Sadly, it was delicious and addictive and now sits around my middle like a lardy ring. I recommend just one, not the one and a half I chose to indulge in. A piece of America on a stick. All hail the corn dog.

Sept. 13, 2012: School drop-off/pickup line

Another U.S. phenomenon: the school pickup line. School gates? No. Walking to school? No chance. Meet other parents? Hell, don't even think about it!

Everyone drives to school here and the school pickup line is a well-ordered military operation with strict rules that must be adhered to in order to ensure that it all goes smoothly (which it does unless there is a U.K. mother in the line).

So here's how it works.

Drop-off — You drive into the school grounds. There is a man in a yellow vest with batons who waves you through in the right direction. You drive very, very slowly. You join your relevant queue. There are teachers and older children standing by. You do not get out of the car (I have been told that you can do drop-off in your pj's and pickup in whatever you like, since no one sees you). You pause the car, and the teacher or older child on duty opens the door. Out gets your child with his or her rucksack. You wave bye-bye, and the child walks into the classroom. "Have a great day," says the teacher or older child, and they shut the car door. And off you drive (slowly), joining the exit queue.

Pickup -- It's the same deal, except this time everyone gets there 45 minutes before pickup time actually commences so that they can join the queue. You slowly make your way up the queue. Your child appears. The teacher opens the door. Your child gets in. They shut the door and off you go.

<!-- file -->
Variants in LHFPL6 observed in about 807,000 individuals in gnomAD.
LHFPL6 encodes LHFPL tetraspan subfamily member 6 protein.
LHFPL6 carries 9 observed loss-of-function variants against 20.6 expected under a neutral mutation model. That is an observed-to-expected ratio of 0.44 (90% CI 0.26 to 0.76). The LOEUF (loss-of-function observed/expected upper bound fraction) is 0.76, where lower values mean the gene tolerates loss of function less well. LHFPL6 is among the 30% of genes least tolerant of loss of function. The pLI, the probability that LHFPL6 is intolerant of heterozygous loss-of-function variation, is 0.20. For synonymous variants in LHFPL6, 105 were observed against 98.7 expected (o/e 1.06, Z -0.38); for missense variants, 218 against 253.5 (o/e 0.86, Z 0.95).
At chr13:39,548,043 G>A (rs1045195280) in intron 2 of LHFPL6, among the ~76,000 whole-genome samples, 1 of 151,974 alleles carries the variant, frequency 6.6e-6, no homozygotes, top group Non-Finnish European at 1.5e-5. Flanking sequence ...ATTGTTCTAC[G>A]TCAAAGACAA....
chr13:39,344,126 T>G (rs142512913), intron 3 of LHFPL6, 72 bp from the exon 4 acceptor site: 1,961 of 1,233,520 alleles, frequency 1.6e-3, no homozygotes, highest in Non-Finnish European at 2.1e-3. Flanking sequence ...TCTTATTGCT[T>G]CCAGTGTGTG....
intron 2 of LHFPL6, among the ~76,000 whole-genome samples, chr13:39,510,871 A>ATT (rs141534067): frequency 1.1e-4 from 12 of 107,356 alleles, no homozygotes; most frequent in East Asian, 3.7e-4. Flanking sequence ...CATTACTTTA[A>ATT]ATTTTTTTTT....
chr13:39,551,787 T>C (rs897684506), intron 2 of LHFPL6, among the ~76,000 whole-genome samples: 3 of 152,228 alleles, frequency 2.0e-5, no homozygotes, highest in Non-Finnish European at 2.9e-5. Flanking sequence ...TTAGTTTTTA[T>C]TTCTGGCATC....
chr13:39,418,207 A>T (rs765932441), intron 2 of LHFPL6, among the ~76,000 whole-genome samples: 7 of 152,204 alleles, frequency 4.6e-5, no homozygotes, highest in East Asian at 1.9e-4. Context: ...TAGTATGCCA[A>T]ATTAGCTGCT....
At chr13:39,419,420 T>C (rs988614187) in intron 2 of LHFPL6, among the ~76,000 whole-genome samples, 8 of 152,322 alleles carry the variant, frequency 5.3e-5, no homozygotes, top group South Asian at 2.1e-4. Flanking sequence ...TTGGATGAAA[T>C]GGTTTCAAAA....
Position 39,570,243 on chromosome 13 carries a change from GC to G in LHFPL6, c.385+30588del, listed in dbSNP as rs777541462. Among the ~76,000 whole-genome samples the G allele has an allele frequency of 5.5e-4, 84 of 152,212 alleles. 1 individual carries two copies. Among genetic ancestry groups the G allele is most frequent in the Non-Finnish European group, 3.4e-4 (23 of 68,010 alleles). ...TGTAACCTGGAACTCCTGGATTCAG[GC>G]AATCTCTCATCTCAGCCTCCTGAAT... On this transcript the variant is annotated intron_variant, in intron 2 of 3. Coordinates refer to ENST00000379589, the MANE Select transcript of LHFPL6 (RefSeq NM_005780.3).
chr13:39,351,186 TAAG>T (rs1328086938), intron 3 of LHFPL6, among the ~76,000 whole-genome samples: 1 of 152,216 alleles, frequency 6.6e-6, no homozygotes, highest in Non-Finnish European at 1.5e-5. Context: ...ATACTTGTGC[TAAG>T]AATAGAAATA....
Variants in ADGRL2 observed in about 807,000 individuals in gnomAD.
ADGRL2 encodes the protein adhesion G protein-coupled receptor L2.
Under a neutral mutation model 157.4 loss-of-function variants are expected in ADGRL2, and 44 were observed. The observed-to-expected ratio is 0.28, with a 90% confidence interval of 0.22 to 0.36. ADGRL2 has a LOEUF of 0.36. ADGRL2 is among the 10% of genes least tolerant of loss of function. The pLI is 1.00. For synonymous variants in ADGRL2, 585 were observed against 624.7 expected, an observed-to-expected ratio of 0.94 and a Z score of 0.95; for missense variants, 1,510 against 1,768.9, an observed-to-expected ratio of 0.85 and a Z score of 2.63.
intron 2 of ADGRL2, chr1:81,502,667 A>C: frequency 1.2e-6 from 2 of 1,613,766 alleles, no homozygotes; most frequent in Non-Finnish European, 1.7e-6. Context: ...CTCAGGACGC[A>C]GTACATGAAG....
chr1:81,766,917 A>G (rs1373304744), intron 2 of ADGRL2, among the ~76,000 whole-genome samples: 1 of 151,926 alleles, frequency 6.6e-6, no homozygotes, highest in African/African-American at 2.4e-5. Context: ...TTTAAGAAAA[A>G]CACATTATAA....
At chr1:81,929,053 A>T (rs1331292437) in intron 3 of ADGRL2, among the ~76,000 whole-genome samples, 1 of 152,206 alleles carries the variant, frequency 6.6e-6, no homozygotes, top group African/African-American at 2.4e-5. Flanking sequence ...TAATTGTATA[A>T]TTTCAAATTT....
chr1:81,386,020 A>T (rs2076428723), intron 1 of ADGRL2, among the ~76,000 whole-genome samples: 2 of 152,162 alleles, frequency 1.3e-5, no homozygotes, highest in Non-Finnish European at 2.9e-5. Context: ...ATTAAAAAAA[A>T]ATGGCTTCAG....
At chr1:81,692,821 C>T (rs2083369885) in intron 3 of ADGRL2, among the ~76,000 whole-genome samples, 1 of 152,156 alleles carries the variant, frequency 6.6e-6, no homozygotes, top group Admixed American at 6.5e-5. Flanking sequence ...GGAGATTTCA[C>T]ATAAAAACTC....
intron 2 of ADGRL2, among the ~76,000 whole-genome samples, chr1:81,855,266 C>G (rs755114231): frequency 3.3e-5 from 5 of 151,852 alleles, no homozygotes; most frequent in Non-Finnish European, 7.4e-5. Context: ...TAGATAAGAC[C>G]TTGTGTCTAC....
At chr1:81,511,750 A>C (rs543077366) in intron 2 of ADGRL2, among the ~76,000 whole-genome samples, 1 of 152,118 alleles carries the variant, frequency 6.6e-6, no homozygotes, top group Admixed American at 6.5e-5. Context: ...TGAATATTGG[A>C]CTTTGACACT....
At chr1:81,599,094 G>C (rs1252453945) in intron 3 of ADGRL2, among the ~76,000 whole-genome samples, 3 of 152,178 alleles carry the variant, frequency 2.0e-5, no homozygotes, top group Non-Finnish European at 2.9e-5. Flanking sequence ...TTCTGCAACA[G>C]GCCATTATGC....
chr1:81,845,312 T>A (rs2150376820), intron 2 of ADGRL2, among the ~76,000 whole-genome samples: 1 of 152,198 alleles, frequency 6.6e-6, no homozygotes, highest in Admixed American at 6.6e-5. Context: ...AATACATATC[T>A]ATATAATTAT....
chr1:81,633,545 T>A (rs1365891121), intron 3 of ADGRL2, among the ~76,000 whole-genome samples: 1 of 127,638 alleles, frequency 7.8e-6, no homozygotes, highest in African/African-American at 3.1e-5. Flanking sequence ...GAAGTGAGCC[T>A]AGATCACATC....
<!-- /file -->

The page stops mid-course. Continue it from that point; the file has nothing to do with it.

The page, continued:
You do not engage in conversation with anyone. If you are me, however, you get out of the car whilst waiting in the pickup queue and attempt to sunbathe. Everyone else stays in their air-conditioned cars.
And that is that.


It works, but it seems a shame that there is no meeting, talking, engagement. I may just have to break the rules.


Sept. 19, 2012: Pulled pork

Is it wrong to eat this every day? I suspect so, but we love it.

Oct. 3, 2012: Waivers and birthdays

This is nuts -- I have just had to sign a waiver for Harry to attend a friend's birthday party!! Seriously, this is how it works: no liability to the parents or venue should Harry have a tumble and injure his toe/face/arm, etc. They are all hot on the legal stuff here.